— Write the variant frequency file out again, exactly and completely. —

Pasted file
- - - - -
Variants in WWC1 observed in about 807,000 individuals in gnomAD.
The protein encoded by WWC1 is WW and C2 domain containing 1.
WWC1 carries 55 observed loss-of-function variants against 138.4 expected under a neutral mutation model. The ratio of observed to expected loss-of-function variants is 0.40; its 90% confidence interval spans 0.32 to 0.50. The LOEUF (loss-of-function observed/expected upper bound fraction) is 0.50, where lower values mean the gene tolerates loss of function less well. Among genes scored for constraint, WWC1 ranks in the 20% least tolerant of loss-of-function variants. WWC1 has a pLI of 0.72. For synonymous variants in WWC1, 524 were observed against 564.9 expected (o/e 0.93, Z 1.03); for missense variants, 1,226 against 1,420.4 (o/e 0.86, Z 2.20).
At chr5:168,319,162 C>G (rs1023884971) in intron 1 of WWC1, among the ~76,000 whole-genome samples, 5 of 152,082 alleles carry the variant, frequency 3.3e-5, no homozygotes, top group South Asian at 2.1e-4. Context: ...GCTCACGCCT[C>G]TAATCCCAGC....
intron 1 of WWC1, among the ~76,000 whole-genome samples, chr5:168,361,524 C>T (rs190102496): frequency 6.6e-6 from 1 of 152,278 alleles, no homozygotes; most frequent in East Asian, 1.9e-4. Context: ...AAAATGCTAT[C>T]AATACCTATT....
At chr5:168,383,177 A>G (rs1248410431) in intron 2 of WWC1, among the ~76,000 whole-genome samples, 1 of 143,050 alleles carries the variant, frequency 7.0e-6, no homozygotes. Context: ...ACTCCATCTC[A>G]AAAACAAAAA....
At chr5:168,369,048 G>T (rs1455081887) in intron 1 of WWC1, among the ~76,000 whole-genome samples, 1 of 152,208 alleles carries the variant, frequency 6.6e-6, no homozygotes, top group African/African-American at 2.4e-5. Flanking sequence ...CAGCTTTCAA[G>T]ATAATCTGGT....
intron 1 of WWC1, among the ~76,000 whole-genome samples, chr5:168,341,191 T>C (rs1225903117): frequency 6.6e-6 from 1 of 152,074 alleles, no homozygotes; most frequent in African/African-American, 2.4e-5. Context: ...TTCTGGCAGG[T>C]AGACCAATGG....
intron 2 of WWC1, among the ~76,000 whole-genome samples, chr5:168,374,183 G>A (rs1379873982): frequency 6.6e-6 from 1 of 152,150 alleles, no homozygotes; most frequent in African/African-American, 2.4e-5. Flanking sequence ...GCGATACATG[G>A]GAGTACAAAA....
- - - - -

Variants in WWC1 observed in about 807,000 individuals in gnomAD.
The protein encoded by WWC1 is WW and C2 domain containing 1.
WWC1 carries 55 observed loss-of-function variants against 138.4 expected under a neutral mutation model. The ratio of observed to expected loss-of-function variants is 0.40; its 90% confidence interval spans 0.32 to 0.50. The LOEUF (loss-of-function observed/expected upper bound fraction) is 0.50, where lower values mean the gene tolerates loss of function less well. Among genes scored for constraint, WWC1 ranks in the 20% least tolerant of loss-of-function variants. WWC1 has a pLI of 0.72. For synonymous variants in WWC1, 524 were observed against 564.9 expected (o/e 0.93, Z 1.03); for missense variants, 1,226 against 1,420.4 (o/e 0.86, Z 2.20).
At chr5:168,319,162 C>G (rs1023884971) in intron 1 of WWC1, among the ~76,000 whole-genome samples, 5 of 152,082 alleles carry the variant, frequency 3.3e-5, no homozygotes, top group South Asian at 2.1e-4. Context: ...GCTCACGCCT[C>G]TAATCCCAGC....
intron 1 of WWC1, among the ~76,000 whole-genome samples, chr5:168,361,524 C>T (rs190102496): frequency 6.6e-6 from 1 of 152,278 alleles, no homozygotes; most frequent in East Asian, 1.9e-4. Context: ...AAAATGCTAT[C>T]AATACCTATT....
At chr5:168,383,177 A>G (rs1248410431) in intron 2 of WWC1, among the ~76,000 whole-genome samples, 1 of 143,050 alleles carries the variant, frequency 7.0e-6, no homozygotes. Context: ...ACTCCATCTC[A>G]AAAACAAAAA....
At chr5:168,369,048 G>T (rs1455081887) in intron 1 of WWC1, among the ~76,000 whole-genome samples, 1 of 152,208 alleles carries the variant, frequency 6.6e-6, no homozygotes, top group African/African-American at 2.4e-5. Flanking sequence ...CAGCTTTCAA[G>T]ATAATCTGGT....
intron 1 of WWC1, among the ~76,000 whole-genome samples, chr5:168,341,191 T>C (rs1225903117): frequency 6.6e-6 from 1 of 152,074 alleles, no homozygotes; most frequent in African/African-American, 2.4e-5. Context: ...TTCTGGCAGG[T>C]AGACCAATGG....
intron 2 of WWC1, among the ~76,000 whole-genome samples, chr5:168,374,183 G>A (rs1379873982): frequency 6.6e-6 from 1 of 152,150 alleles, no homozygotes; most frequent in African/African-American, 2.4e-5. Flanking sequence ...GCGATACATG[G>A]GAGTACAAAA....